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Some area residents are torn over whether to invest in maintenance costs to keep the Spring Grove Regional Parks & Recreational Center.

The center, an old school building at 50 N. East St., is fully funded by borough residents' tax dollars, and should the community agree to needed repairs, taxes would likely increase substantially, said borough council Vice President Rebecca Stauffer at a May 7 meeting.

So the borough is seeking input from its residents: Do they want to invest in the center for a potential tax increase, or do they want to explore other options?

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Costs: Yearly repairs cost an average of about $15,000 per year, not including labor expenses, and the building might need additional repairs.

Just based on observation, Stauffer said, it needs repairs to exterior brick, crumbling corners, damaged and energy-inefficient windows, as well as electric upgrades and continued asbestos abatement.

But to find out actual costs, the borough would need to do a $25,000 assessment.

Depending on the results, residents would have to decide whether they'd be willing to foot the bill for the repairs or consider options such as selling the building, demolishing it or leasing part of it for other uses.

Community: Residents from Spring Grove and other nearby municipalities that rent the center were concerned over a potential loss of programming.

John Dickert, chairman of the center's board, listed the numerous programs and activities held at the community center each week.

"This building overall puts so much there for the youth in the community that I'm really not sure of any other space in Spring Grove that could house all this does," said Jackson Township resident and Spring Grove Little League renter Jessica Runk.

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In a letter read at the meeting, Ed Short — lead pastor at Crosspointe Community Church — said hundreds of families use the center on a regular basis, and the church meets there.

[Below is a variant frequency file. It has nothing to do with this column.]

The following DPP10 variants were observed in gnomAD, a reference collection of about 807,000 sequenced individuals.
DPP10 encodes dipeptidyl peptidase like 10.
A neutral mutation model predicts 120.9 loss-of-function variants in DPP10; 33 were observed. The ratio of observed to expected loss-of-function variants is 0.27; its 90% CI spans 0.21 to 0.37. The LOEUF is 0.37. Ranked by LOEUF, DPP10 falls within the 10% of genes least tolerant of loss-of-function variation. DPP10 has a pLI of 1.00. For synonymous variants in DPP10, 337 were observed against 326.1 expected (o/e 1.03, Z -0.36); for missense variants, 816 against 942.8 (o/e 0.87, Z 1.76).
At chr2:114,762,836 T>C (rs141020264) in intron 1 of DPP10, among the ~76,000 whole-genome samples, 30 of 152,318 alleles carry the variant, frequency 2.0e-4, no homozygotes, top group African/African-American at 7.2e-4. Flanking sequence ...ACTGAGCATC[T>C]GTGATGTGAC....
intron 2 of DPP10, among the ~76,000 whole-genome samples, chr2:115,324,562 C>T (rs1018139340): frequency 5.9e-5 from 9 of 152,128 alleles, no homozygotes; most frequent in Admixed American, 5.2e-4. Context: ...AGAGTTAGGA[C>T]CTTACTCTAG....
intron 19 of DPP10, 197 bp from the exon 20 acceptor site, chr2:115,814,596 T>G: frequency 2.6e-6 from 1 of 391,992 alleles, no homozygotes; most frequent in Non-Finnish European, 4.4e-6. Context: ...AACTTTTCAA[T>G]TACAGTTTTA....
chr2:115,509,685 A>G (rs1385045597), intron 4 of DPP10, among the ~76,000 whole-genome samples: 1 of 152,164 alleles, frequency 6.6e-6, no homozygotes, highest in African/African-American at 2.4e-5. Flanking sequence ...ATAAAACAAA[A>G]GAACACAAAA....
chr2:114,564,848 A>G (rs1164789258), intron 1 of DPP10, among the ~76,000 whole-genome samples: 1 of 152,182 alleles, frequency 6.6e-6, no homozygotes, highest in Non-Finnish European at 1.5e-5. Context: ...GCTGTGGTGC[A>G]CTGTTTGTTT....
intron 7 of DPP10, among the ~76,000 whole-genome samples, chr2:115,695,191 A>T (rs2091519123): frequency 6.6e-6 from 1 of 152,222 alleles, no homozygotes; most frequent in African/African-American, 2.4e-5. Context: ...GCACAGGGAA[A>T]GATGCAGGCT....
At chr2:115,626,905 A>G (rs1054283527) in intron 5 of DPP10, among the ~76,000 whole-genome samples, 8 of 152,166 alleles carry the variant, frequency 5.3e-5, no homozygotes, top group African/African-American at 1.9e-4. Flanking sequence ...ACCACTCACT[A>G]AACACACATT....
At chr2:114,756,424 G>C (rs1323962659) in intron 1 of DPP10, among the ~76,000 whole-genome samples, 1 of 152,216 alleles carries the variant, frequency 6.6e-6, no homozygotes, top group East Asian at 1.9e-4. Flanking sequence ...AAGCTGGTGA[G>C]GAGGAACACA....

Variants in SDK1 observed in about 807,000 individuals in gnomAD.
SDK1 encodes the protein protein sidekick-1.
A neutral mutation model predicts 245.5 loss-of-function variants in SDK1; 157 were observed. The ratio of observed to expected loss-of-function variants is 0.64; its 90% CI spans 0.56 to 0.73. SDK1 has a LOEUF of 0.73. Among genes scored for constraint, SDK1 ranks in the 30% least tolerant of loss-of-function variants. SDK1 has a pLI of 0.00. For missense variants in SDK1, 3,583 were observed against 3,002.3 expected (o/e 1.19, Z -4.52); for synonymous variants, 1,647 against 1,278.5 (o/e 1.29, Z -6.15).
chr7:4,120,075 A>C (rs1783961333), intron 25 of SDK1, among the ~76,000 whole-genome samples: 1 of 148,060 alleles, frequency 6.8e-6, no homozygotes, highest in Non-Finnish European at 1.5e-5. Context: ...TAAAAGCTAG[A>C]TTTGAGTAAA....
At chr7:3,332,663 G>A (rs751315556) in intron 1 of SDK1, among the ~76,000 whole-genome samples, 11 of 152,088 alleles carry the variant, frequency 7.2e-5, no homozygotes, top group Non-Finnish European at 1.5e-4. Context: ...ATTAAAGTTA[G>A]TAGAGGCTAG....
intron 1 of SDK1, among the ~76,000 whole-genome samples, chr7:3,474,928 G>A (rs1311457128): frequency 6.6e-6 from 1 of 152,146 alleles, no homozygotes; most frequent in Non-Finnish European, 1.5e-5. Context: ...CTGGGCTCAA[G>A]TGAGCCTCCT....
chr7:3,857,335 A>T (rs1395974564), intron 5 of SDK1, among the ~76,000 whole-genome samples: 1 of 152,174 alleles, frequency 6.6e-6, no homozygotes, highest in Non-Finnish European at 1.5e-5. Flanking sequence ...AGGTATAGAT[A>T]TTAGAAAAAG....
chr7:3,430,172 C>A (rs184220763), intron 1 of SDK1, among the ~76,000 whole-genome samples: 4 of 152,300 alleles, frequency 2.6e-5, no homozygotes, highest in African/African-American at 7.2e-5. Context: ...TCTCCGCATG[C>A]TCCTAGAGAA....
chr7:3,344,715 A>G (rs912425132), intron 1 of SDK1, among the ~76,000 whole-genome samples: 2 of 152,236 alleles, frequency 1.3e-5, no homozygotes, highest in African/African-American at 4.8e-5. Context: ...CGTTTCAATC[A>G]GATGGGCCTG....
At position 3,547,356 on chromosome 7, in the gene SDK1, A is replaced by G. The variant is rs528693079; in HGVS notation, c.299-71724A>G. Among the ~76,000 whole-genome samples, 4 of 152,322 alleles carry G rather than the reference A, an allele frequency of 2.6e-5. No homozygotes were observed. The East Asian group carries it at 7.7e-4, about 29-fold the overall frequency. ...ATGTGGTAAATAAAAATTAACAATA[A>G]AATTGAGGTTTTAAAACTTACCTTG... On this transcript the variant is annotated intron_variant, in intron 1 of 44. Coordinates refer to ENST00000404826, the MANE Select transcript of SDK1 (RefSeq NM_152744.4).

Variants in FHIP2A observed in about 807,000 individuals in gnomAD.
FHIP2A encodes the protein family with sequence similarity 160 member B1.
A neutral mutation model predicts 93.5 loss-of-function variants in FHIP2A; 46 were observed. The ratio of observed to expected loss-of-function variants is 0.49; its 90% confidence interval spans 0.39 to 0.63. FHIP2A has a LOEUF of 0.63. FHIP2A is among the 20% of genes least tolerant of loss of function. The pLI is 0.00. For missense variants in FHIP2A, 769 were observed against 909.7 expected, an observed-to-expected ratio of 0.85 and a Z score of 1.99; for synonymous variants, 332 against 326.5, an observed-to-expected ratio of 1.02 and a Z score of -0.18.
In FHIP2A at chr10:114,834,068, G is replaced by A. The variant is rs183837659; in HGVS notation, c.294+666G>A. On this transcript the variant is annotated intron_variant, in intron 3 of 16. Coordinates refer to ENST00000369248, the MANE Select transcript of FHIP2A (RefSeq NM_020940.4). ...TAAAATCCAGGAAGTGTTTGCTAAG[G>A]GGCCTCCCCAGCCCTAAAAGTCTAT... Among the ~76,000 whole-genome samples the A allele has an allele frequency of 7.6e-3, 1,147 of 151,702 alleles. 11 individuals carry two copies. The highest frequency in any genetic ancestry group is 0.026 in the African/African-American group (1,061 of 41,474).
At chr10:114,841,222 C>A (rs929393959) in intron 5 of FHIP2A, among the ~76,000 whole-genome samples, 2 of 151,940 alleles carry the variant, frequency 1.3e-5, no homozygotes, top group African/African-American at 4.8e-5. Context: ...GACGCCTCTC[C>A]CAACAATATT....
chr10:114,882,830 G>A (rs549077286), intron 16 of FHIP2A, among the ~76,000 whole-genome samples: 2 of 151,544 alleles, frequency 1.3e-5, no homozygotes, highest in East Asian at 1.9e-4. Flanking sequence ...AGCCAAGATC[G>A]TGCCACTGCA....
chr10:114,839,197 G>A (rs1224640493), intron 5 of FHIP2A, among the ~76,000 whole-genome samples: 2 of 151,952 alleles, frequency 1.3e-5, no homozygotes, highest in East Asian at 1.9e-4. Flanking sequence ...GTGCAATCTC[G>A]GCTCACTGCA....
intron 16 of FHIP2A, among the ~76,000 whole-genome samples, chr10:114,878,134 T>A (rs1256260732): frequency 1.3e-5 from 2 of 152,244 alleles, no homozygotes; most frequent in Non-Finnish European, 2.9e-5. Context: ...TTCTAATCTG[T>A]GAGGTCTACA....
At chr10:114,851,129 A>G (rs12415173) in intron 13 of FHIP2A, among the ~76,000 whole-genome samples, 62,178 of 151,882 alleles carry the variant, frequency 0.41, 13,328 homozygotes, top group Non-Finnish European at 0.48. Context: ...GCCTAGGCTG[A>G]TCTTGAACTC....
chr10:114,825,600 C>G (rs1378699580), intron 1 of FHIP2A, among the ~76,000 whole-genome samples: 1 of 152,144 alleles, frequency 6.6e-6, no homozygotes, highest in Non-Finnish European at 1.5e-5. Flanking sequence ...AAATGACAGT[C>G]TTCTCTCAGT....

Ministry coordinator Amy Steele said more than half of parishioners are not residents.

In his letter, Short asked why the $15,000 wasn't more than covered by the renters, when the three biggest payers alone — Crosspointe, Extravadance and the child care center — pay $48,000 annually.

No money: To that, council President James Graham said the rent did not even go to the borough until 2018. Before then, it was paid to the center's recreation group, which also covered the cost of utilities.

Though the community center has many renters from outside the borough as well, it is borough residents who are solely responsible for covering maintenance costs.

And since the borough also took on the cost of utilities in 2018, the rent is not enough to offset both those costs and maintenance.

At least one resident suggested those who live in surrounding townships could help cover the costs.

"I would be very willing to pay," Runk said.

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Taxes: Some, such as 17-year borough resident Harriet Geesey, agreed that the borough should not raise taxes.

Other suggestions made by area residents were selling to a private company, keeping part of the center and adding municipal parking or investing in a new building that would have fewer environmental and maintenance concerns.

Steele warned that though maintaining the building could be expensive, costs associated with demolishing the building could also go well beyond the $25,000 assessment.

"There is no prevailing desire to displace the programs currently using the building," Stauffer said, reminding those attending that the purpose of the meeting was to seek input. 

Borough manager Andrew Shaffer said the issue will be revisited within the next couple of months at regularly scheduled meetings.

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